Oct 02, 2013
Humboldt State’s Campus Center for Appropriate Technology celebrates 35 years as a university’s sustainable-living demonstration house with a day of activities Saturday, Oct. 12 on the HSU campus.
Located in the Buck House just south of the Behavioral and Social Sciences building, CCAT commemorates fall with a combined Harvest Festival and a special anniversary celebration starting at 2 p.m. The day features CCAT-alumni-led workshops, tours, story telling, a potluck dinner and music by the Compost Mountain Boys.
CCAT started in 1978 as a student project sponsored by HSU’s Youth Educational Services. Two years later students took up residence in the Buck House, which they still occupy today in the house’s modified form—a ground floor was added in 2007 while the original structure makes up the second story.
With assistance from Professor Peter Lehman, founding director of the Schatz Energy Research Center, CCAT quickly grew into its role as a demonstration house. A long history of student-lead projects aimed at improving the house’s energy efficiency began with a retrofit to improve the house’s heating and cooling effectiveness and continued through 1991, when, with the addition of a solar energy system and windmill, the Buck House was taken off the grid. Ten years later construction of the Behavioral and Social Sciences Building prompted CCAT to tie back into the energy grid, but the group never stopped working on ways to make the house more efficient.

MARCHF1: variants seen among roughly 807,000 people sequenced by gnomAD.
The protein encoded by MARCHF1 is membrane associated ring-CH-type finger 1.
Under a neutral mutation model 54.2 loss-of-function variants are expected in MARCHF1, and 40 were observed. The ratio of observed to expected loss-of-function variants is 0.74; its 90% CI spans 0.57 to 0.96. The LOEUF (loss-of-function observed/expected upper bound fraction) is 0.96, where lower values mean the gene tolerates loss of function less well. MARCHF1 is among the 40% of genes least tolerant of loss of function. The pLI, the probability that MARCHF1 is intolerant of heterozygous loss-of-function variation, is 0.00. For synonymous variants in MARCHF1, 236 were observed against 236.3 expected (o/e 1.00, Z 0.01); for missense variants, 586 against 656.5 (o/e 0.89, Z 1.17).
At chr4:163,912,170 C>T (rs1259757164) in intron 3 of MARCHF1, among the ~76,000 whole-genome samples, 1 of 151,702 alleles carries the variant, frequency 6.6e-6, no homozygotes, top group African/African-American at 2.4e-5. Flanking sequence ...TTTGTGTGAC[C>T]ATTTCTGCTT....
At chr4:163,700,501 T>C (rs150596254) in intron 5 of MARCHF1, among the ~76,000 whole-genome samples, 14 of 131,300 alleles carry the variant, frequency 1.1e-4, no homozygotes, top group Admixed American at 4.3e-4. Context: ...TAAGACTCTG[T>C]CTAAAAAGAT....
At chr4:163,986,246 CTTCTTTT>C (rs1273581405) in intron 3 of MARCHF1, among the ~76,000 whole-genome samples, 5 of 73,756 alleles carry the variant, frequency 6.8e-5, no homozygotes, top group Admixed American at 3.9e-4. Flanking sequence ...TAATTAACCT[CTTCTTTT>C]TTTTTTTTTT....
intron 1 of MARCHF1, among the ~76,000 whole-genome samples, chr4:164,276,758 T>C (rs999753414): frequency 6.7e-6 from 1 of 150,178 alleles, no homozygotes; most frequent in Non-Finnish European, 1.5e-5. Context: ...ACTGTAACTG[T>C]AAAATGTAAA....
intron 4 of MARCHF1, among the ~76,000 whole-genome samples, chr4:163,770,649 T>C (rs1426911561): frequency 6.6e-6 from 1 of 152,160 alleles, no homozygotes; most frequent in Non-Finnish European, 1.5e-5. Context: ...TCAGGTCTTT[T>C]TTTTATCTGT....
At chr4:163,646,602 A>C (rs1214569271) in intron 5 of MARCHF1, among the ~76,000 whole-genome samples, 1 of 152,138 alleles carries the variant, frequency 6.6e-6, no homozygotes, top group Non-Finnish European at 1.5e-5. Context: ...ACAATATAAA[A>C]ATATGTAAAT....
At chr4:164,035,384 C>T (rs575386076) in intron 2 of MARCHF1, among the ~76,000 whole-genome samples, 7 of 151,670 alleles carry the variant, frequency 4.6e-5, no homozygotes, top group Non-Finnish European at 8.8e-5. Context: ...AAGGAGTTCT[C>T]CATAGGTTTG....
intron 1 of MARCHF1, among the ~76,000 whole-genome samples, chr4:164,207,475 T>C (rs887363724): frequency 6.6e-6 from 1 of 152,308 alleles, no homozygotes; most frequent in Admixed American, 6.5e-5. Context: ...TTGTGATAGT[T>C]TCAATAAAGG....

From 2004 to 2007, CCAT was located in the Jenkins House to make way for construction of the BSS Building. With the move came the loss of many of the group’s former projects, but it also created opportunities to expand outreach to the campus and community and focus on the educational part of their mission.
In that vein CCAT offers workshops almost every day of the week with topics like green construction, herbalism, eco-crafting and organic gardening classes.
In late 2007 a rededication ceremony marked CCAT’s return to the Buck House, which, in addition to a new basement, was decked out with energy efficient windows, a solar water heating system, home-made VOC-free paints and plenty of ingenious student projects that are the hallmark of this organization.
Recent improvements to CCAT’s site include a new greenhouse on the building’s south wall. The greenhouse includes a heat-trapping wall constructed with slip-staw, a compound of straw and slaked clay, protected by a coating of lime plaster. Other recent projects include a tool shed that features an assortment of sustainable building methods, including solar lighting, and a cord wall, which is essentially a cord of wood stacked and held together with concrete—a technique that utilizes odd cuts of wood that would otherwise be burned. This project and others found on the site grew out of student projects in Appropriate Technology (Engineering 305), a course led by instructor Lonny Grafman. Elsewhere on the grounds, visitors can tour an edible food forest, where clever planting of complimentary species minimizes the need for human input.
For more information about CCAT, visit http://www.ccathsu.com